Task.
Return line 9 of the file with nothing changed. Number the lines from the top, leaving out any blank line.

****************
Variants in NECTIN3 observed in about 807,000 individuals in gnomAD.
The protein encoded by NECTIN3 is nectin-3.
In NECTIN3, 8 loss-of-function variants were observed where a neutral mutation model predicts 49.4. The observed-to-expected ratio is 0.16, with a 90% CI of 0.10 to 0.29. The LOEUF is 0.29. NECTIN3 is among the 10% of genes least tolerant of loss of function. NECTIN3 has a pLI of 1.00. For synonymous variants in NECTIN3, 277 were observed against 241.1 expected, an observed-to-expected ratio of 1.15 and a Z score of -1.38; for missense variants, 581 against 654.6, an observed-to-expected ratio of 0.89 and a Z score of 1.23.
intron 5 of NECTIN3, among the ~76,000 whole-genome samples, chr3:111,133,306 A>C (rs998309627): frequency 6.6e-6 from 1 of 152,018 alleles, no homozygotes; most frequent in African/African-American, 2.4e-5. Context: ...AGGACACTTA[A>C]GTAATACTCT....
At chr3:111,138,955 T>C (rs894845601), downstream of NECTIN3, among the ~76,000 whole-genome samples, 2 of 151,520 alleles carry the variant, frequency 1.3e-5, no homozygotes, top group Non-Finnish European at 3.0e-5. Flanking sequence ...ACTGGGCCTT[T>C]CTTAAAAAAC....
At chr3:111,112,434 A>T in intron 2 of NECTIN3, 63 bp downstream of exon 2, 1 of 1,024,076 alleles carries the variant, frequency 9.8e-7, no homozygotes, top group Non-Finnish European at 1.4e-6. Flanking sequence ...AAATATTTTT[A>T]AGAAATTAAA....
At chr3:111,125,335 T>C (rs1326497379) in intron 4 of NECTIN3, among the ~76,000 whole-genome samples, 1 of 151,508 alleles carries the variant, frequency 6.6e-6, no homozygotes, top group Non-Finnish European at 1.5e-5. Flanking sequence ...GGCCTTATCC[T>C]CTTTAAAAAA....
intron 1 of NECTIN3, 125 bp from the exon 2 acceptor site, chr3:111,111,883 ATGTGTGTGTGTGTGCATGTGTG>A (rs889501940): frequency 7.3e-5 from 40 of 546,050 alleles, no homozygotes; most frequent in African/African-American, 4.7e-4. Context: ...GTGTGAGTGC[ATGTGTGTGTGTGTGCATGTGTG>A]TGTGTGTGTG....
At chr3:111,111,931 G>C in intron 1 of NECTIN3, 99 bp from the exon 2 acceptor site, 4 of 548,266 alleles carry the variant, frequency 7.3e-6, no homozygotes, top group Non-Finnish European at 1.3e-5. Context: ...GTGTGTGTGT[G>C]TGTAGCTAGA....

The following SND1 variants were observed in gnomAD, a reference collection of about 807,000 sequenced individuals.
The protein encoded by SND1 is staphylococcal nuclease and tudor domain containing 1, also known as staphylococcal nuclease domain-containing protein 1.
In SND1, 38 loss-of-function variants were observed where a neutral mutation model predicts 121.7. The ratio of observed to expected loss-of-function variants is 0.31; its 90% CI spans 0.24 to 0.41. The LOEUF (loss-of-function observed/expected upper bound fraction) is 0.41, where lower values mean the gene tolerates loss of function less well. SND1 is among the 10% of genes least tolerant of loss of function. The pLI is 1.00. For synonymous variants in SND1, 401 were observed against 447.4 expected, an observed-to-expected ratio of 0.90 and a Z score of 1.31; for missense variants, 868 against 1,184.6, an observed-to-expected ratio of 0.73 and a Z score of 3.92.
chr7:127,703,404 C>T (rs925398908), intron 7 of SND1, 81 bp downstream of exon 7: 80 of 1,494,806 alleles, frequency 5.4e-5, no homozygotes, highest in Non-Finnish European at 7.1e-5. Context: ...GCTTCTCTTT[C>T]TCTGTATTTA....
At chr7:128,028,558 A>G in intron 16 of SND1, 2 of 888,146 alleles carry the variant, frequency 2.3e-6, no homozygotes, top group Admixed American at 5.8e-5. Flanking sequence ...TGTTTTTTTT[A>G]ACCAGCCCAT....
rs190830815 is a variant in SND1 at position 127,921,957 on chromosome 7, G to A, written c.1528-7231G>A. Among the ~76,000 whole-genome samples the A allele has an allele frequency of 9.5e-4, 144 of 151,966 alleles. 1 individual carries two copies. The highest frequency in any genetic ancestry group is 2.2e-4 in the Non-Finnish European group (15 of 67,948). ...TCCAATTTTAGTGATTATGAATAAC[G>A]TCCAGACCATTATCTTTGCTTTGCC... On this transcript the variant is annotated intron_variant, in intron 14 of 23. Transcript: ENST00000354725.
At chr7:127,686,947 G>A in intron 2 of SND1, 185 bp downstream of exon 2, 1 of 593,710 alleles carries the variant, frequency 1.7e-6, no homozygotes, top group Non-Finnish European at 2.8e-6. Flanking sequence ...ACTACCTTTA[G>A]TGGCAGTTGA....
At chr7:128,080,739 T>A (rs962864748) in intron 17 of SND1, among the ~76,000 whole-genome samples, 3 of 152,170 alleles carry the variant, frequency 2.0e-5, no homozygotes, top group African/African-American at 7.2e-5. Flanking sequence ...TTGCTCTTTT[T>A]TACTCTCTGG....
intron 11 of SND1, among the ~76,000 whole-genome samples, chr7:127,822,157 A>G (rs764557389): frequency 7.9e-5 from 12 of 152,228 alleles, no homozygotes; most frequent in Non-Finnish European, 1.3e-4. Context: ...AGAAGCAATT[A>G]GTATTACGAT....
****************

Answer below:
At chr3:111,111,931 G>C in intron 1 of NECTIN3, 99 bp from the exon 2 acceptor site, 4 of 548,266 alleles carry the variant, frequency 7.3e-6, no homozygotes, top group Non-Finnish European at 1.3e-5. Context: ...GTGTGTGTGT[G>C]TGTAGCTAGA....